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Mini ReviewOpen Access

HLB Concept: A Way to Never Forget It Volume 10- Issue 4

E Sócrates T Egito*1,2, Lucas Amaral Machado1, Iury EG Farias11, K Gyselle H Silva2 and Anselmo G Oliveira3

  • 1Graduate Program in Health Sciences, Brazil
  • 2Laboratory of hybrid systems, Brazil
  • 3Department of Drugs and Medicines, Faculty of Pharmaceutical Sciences, Brazil

Received: October 24, 2018;   Published: October 31, 2018

*Corresponding author: E Sócrates T Egito, Rua Praia de Areia Branca, 894859094-450 - Natal/RN Brazil

DOI: 10.26717/BJSTR.2018.10.001983

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Abstract

This mini-review discusses the physicochemical parameters related to the formation of emulsified systems and the role of surfactants on this process. To this regard, several considerations about the chemical properties of surfactants (such as hydrophobicity and lipophilicity) and their hydrophilic-lipophilic balance (HLB) were discussed. The main idea of this expert opinion is to show that surfactants with high HLB value are predominantly hydrophilic, whereas low HLB scores indicate the lipophilic net of the surfactants. Thus, based on the most relevant aspects, a simple and easy way to understand the HLB concept is suggested.

Text Body

Emulsions are dispersed systems made of the mixture of two immiscible liquid phases stabilized by surfactants. They have been used in several areas (specially in the food and pharmaceutical industries) due to their advantages, such as the ability to deliver drug molecules (commonly lipophilic drugs) as well as to improve organoleptic and biopharmaceutical characteristics of drugs and other bioactive compounds [1,2]. Although several theories have been hypothesized to explain the chemical and physicochemical mechanisms and interactions involved in their formation, no universal emulsification theory has been reported [2]. Furthermore, different types of emulsifying agents can be used in emulsions to improve their stability according to several physicochemical principles [3]. However, despite the knowledge about the organization of oil droplets and surfactants in the emulsified systems and considering the mechanisms involved on the interfacial tension decrease, several emulsification theories are reported, which makes it difficult for a scientific agreement about the overall phenomena involved in the emulsion formation [2].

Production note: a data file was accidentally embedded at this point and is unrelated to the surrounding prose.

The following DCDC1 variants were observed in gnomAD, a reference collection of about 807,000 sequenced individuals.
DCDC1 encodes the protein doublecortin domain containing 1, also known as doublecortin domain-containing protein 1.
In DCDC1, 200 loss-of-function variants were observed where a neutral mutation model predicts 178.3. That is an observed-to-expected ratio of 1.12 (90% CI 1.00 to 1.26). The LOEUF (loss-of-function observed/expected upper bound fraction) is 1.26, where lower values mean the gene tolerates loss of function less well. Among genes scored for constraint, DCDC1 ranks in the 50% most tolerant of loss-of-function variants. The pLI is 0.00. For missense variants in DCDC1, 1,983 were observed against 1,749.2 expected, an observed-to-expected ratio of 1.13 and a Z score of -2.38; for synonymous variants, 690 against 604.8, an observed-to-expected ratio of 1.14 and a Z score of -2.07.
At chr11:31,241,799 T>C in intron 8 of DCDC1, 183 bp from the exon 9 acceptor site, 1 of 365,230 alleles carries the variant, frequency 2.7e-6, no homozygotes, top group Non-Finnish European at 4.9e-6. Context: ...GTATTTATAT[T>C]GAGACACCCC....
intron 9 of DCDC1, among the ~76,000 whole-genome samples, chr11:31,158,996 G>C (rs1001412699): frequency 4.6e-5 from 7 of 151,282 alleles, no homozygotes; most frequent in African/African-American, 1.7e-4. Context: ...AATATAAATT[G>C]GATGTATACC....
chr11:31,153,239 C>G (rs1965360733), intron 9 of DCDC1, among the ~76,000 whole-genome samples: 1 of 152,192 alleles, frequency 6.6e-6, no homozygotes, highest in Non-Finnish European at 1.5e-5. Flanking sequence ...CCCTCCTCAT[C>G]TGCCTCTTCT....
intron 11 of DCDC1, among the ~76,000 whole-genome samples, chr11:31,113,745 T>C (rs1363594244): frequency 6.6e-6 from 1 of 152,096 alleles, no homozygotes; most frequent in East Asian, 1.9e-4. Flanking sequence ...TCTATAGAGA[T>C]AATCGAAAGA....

In this context, the interfacial tension can be understand as the resistance of immiscible liquids in mixing themselves with one another, preventing one to self-disperse in another in the form of droplets. Moreover, surfactants are amphiphilic molecules that can be used to reduce the interfacial tension, enabling the dispersion of such liquids in themselves in the form of droplets, providing a physicochemical stability to the emulsion and reducing the occurrence of instability phenomena such as the flocculation and coalescence of droplets [4]. Concerning the physicochemical characteristics and chemical composition of the emulsions, these dispersed systems stand out as an important technological strategy on the development of new medicines in the biomedical area, allowing the improvement of drug bioavailability and the decrease of their side effects. However, due to the immiscibility of the oily and aqueous phases, the correct choice of surfactants remains as a critical step in the emulsion development [5-7].